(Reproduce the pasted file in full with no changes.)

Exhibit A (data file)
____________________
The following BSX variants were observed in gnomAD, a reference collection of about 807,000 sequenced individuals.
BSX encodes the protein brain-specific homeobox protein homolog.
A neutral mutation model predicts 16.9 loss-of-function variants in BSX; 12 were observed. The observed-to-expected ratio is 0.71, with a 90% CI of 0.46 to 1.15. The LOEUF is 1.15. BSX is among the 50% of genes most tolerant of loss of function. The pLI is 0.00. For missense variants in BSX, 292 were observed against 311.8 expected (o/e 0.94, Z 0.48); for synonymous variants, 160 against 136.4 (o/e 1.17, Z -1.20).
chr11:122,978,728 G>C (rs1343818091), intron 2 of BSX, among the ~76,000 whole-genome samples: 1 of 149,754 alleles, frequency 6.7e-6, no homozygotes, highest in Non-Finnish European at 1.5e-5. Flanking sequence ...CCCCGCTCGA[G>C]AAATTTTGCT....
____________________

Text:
The following BSX variants were observed in gnomAD, a reference collection of about 807,000 sequenced individuals.
BSX encodes the protein brain-specific homeobox protein homolog.
A neutral mutation model predicts 16.9 loss-of-function variants in BSX; 12 were observed. The observed-to-expected ratio is 0.71, with a 90% CI of 0.46 to 1.15. The LOEUF is 1.15. BSX is among the 50% of genes most tolerant of loss of function. The pLI is 0.00. For missense variants in BSX, 292 were observed against 311.8 expected (o/e 0.94, Z 0.48); for synonymous variants, 160 against 136.4 (o/e 1.17, Z -1.20).
chr11:122,978,728 G>C (rs1343818091), intron 2 of BSX, among the ~76,000 whole-genome samples: 1 of 149,754 alleles, frequency 6.7e-6, no homozygotes, highest in Non-Finnish European at 1.5e-5. Flanking sequence ...CCCCGCTCGA[G>C]AAATTTTGCT....